Kamarck, Edward (ed.) / Arts in society: the arts of activism
Kamarck, Edward L.
Editorial comment: on winning friends and influencing people PDF (1.7 MB)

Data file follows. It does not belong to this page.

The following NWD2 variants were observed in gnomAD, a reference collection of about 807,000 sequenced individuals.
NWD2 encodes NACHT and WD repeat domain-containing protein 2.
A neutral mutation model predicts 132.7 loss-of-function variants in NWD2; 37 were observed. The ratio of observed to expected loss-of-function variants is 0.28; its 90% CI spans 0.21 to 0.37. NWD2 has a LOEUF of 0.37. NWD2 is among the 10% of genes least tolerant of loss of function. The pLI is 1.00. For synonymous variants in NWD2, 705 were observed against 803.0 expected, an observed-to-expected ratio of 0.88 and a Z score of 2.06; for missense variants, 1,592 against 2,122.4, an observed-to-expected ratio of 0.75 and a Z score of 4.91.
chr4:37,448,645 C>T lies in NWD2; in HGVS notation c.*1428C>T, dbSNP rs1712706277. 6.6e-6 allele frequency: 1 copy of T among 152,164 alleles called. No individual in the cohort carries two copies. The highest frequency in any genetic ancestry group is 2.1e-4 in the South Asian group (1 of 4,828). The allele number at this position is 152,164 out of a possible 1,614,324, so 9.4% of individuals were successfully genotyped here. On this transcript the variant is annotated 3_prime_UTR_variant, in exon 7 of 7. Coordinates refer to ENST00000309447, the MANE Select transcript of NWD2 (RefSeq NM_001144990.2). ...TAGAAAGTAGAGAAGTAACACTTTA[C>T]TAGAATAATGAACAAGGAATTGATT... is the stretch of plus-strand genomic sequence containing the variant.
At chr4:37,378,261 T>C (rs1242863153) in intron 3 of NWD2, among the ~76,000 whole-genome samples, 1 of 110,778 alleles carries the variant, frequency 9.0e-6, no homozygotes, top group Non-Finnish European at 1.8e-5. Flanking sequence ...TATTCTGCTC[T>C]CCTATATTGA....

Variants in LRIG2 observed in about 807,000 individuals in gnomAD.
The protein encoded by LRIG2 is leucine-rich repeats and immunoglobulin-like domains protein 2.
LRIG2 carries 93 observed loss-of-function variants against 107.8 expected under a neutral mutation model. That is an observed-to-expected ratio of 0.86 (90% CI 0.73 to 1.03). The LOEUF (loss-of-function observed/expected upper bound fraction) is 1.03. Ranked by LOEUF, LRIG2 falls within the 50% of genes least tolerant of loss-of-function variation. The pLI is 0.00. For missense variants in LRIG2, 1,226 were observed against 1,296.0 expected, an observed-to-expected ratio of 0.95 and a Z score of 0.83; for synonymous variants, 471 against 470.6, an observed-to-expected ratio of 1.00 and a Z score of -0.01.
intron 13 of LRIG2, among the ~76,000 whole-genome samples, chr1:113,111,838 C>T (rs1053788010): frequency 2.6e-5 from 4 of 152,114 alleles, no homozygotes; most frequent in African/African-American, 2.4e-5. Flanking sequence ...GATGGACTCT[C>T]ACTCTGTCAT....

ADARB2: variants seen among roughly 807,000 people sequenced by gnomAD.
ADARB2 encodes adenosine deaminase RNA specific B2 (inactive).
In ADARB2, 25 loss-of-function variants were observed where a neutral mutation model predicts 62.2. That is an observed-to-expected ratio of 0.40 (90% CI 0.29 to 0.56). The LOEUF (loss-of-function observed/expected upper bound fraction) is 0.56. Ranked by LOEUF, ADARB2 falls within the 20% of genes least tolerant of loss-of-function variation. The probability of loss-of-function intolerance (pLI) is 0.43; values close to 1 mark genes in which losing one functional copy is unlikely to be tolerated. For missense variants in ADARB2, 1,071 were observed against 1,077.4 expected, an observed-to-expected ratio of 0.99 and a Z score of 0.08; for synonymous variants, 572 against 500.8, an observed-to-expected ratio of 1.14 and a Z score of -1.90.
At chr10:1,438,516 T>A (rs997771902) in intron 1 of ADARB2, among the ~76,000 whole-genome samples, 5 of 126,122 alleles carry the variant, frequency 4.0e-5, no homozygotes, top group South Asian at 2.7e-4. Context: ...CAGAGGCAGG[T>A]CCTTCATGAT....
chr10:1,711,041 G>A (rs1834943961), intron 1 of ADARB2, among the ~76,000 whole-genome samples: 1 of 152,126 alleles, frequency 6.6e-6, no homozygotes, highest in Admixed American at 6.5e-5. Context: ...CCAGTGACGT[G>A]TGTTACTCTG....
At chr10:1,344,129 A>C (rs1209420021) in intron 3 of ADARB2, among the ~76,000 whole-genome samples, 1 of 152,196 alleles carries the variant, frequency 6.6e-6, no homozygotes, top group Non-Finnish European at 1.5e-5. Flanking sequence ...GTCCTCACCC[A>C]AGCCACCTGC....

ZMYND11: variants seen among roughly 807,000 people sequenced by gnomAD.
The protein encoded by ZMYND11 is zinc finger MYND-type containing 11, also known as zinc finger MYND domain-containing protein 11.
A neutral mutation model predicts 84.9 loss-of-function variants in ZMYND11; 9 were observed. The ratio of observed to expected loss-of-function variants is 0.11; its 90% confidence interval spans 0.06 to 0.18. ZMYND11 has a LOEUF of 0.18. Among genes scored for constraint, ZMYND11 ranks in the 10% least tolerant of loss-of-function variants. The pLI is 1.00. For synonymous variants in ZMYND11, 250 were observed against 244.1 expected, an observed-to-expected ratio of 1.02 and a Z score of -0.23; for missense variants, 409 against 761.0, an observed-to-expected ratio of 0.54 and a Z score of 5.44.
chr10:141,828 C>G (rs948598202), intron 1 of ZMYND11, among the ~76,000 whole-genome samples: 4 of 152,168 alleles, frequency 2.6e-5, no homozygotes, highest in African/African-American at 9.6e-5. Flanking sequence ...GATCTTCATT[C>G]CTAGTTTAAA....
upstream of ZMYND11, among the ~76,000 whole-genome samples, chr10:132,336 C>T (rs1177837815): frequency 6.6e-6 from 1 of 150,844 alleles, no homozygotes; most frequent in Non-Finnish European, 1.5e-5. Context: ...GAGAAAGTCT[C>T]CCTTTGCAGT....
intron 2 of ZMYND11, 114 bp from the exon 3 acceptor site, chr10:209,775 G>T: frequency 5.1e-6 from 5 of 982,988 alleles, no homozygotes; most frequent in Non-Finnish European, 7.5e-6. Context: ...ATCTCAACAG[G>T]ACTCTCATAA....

ON WINNING FRIENDS AND INFLUENCING PEOPLE It is impossible for a contemporary journal of the arts to get itself well liked by everybody. No matter how determinedly open its editorial outlook, the journal is bound to run afoul of one or another of the disparate orthodoxies with which our culture is reft - particularly when it probes the passionately controversial issues, whether of aesthetic or political consequence. It has been our disconcerting experience that the fact of exploration in itself is often deemed prima facie evidence of unique commitment to a particular encampment. Over the years we have in varying degrees, depending upon the focus of a particular issue, sensed ourselves to be embraced or repulsed by a variety of groups. The issue on The Geography and Psychology of Urban Cultural Centers elicited huzzahs from certain academicians, from architects and city planners, and from managing directors of performing arts centers; our general readership seemed rather indifferent; but a few of the aggressively alienated let us know of their scorn for this obvious identification with "establishment culture." On the other hand, the Happenings and Intermedia issue brought in new subscriptions from those communities on both coasts where interest in icon-breaking is strong; from elsewhere in America came primly written notes of icy politeness informing us that the sender no longer had an interest in subscribing. Happily, in this instance the former far outweighed the latter, but it is nevertheless saddening to realize that many friends of art are prone to deliberately circumscribe the range of their curiosities. Winning friends cannot, of course, be a prime objective of ARTS IN SOCIETY, although like any institution we are not averse to applause, the more widespread the better. Influencing people is another matter. Our sponsorship by a university presupposes a responsibility to educate, to inform, to try to broaden general understanding of the dynamism of contemporary culture. All of these must imply the charge to look objectively into the crooks and crannies of the American art experience, and particularly into those areas where the action is. In a time of widespread social upheaval some of the action is likely as not to be found in rather disreputable places and to be associated with rebellious and even violent commitments. Whatever our moral or political stance, we must view the art churned up by the powerful passions of these times as being of vital significance - if not on aesthetic grounds (and by the admission of its creators much of the so-called "committed" art is deliberately provocative and shocking), then most certainly for its impact on the prevailing cultural ethos. Those who turn away in repugnance are likely to achieve little understanding of the emerging new America of the seventies. This issue on The Arts of Activism, which Morgan Gibson has guest-edited, was not designed to win friends from any of the orthodoxies - and most obviously not those of polite culture. It is hoped, however, that all readers will find its influence to be salutary, because it seeks to further greater understanding of the revolutionary condition of the culture of our time. Edward L. Kamarck